Welfare to Work and Back Again?

Guest blog by Suphatra Laviolette

For four generations, Beckie Moralez’s family has been on welfare, but she believed that the cycle, finally, would end with her.

CalWORKs, California’s family assistance program, provided Moralez with cash assistance and subsidized daycare for her two children. The benefits also took Moralez out of homeless shelters, covered her treatment for substance abuse and paid for Moralez to go back to school for training as a drug-and-alcohol counselor. Since August 2008, she has held down a job at Butte County Behavioral Health Department – completely free of public assistance.

“My mother was on welfare, her mother was on welfare. When I had children and we were on welfare, I knew I had to break the cycle,” said Moralez, convinced that CalWORKs was, at least briefly, her ticket out of poverty.

“When my kids see that Mama is doing things, they are happy,” she said. “It gives them permission to be kids. I remember being 4, 5, 6, and worrying about my mother when we didn’t have food, when the manager came banging on our door for the rent. My kids don’t have to worry about that.”

But now, the worries have returned. In mid-May, California Gov. Arnold Schwarzenegger proposed to eliminate subsidized child care from the state budget as a way of saving $2.3 billion to help close the state’s budget deficit. If that measure passes, it will force Moralez to leave her job in order to care for her kids, which would put her right back onto the public assistance she worked for years to leave.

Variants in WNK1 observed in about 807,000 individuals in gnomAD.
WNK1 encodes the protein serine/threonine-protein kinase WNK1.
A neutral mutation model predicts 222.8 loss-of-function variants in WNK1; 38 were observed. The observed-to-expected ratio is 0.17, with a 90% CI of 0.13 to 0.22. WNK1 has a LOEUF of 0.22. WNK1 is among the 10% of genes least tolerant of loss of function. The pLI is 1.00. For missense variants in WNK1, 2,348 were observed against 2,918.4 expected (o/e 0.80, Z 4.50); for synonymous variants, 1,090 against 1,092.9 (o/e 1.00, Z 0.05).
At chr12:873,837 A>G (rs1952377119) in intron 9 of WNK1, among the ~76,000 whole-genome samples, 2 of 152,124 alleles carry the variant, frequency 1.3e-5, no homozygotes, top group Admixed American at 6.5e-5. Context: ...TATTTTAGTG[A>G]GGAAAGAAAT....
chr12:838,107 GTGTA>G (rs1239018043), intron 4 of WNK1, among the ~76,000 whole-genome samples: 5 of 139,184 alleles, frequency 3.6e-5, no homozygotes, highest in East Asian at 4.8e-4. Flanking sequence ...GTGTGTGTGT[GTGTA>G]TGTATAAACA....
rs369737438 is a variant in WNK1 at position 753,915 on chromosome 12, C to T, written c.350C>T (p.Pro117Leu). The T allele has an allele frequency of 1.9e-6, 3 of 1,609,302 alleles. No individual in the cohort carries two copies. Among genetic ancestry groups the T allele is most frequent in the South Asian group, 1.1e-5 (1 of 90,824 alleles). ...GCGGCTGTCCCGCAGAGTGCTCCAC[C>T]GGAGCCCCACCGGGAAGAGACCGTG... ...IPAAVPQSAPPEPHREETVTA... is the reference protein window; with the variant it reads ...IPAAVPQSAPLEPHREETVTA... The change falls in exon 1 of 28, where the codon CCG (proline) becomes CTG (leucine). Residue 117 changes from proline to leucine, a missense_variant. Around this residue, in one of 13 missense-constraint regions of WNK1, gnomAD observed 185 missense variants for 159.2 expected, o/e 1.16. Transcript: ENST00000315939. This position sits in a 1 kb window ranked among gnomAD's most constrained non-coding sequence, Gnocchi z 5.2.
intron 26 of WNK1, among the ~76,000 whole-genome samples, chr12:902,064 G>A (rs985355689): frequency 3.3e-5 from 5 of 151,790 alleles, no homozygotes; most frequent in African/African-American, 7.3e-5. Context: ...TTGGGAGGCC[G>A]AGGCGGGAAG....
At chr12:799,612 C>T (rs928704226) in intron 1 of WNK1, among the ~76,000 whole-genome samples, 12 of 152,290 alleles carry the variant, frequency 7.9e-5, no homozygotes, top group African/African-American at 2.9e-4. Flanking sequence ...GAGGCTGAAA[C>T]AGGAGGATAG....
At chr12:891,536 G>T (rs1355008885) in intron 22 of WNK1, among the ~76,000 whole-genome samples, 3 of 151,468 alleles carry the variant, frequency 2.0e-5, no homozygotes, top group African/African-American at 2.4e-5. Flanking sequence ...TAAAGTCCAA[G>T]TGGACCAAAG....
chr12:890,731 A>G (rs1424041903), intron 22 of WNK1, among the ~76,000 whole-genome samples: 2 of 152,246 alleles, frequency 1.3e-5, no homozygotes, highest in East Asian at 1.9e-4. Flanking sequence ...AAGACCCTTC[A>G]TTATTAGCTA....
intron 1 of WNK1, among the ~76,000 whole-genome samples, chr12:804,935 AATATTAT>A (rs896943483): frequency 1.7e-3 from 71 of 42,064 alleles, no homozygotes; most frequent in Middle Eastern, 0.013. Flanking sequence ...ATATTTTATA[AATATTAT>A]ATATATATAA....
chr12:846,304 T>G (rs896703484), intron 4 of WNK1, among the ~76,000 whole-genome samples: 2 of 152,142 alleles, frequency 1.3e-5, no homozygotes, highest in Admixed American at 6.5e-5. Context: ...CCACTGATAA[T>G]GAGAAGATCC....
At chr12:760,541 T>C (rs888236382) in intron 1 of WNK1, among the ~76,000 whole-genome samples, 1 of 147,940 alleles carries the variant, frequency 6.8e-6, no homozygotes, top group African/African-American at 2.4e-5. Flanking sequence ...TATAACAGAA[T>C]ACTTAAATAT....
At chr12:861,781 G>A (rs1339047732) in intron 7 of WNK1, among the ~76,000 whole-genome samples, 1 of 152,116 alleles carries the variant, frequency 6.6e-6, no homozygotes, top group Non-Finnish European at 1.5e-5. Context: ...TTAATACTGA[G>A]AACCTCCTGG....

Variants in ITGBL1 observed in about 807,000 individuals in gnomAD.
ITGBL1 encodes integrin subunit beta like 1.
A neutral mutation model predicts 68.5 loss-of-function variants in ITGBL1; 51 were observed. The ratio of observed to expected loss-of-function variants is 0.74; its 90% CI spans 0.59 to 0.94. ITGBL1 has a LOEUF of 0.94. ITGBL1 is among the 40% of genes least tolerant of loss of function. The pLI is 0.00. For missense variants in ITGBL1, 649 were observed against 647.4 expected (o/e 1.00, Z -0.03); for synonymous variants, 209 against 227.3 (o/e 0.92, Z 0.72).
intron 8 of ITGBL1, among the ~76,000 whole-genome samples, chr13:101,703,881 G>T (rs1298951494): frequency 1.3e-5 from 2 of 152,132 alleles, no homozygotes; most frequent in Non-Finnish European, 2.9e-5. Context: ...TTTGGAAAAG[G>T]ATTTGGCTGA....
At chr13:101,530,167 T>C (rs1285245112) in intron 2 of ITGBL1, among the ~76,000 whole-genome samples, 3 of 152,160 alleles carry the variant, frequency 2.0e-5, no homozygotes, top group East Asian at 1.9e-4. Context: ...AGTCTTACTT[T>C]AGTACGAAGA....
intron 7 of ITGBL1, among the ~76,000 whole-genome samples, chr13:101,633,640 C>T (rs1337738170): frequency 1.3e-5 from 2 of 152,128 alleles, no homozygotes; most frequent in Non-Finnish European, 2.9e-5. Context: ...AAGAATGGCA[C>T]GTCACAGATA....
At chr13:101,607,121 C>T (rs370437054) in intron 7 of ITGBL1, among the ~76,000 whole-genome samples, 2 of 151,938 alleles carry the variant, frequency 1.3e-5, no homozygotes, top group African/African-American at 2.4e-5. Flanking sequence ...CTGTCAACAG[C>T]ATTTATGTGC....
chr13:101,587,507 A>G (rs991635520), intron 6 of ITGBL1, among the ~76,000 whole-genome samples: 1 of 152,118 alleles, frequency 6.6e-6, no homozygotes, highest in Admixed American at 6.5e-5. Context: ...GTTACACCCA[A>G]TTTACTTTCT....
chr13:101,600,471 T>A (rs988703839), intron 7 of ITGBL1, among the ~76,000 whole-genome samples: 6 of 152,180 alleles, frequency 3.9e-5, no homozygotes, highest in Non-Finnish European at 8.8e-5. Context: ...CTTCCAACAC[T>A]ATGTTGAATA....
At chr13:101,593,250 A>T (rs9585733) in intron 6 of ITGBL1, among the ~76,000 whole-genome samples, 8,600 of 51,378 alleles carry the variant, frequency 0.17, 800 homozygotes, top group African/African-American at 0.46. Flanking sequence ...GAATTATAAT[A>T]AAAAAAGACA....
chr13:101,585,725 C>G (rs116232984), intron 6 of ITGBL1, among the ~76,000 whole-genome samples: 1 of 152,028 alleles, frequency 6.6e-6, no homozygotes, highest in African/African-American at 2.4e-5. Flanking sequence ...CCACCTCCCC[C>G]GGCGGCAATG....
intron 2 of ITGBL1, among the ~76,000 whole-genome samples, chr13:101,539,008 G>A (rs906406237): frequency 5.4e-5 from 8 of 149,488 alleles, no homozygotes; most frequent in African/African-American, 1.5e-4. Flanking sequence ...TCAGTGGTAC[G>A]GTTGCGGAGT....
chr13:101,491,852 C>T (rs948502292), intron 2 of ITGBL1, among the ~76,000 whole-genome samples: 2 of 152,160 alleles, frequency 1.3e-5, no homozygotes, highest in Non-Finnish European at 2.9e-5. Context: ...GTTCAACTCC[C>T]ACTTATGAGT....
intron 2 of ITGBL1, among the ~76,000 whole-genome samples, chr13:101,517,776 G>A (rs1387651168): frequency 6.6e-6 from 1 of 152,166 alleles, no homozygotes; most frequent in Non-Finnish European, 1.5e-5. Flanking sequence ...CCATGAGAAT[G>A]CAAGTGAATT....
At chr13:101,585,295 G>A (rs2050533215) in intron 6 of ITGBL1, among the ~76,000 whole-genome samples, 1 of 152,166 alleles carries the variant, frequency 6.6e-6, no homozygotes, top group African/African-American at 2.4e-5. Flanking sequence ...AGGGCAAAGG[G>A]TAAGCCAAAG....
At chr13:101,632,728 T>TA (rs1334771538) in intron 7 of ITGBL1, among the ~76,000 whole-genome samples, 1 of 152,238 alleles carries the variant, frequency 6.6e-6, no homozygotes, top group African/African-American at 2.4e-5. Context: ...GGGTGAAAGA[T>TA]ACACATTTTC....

But Moralez won’t return to welfare without a fight.

From a podium on the steps of the state capitol, Moralez rallied alongside 500 other parents last month: “We are all here with one thing in common: we are fighting for the hopes and futures of our families!” she shouted. As a member of the statewide advocacy group Parent Voices, she advocates for her children at the annual “Stand for Children” rally that takes place in Sacramento every May.

The organization, Parent Voices, is comprised of working parents from across California. It teaches low-income mothers and fathers to advocate for themselves through community organizing and leadership development. Parents practice simulations of the legislative process, playing each different role – governor, senator, and assembly member – to educate themselves about public policy and improve their public speaking skills.

The rehearsals, however, cannot fix a system riddled with delays and stymied by bureaucracy. Earlier this year, a busload of 45 parents from Fresno traveled more than three hours to speak at a Senate Budget Committee hearing, only to wait almost six hours, so long that their bus driver finally had to head back. The mothers and fathers were able to fill out comment cards that were submitted on their behalf, but they rode home with their stories unspoken. It was a stark reminder that they must constantly fight to make sure they are not forgotten.

Jackie, a mother to three girls in Santa Rosa, also participates in the Parent Voices annual rallies. “Every year, I always cry – it is just so empowering,” she said. “I didn’t grow up with much, and I had very little self esteem. When I started going to ‘Stand for Children,’ it was because I wanted different for my daughter.” That child, now 9, attended her first rally at age four. This year, she took the podium and spoke on the capitol steps.

Jackie’s long term partner Earl, a day laborer, sacrifices work days to attend budget hearings. “Earl is like me – poor background, low self-esteem, never thought he’d ever talk to a legislator,” said Jackie, her voice brightening with pride. “Now he speaks for himself. He tells them about his son.”

At 25, Earl’s son is on welfare and struggling with substance addiction – in part, Jackie believes, because of trauma he endured growing up in a family without money for childcare. “When his son was little, he had to leave him with whoever, wherever he could afford care,” Jackie said. “His son became withdrawn, quiet – it turned out he was being abused.” Jackie and Earl now have two daughters together and every chance he gets, Earl tells lawmakers about the difference quality childcare has made.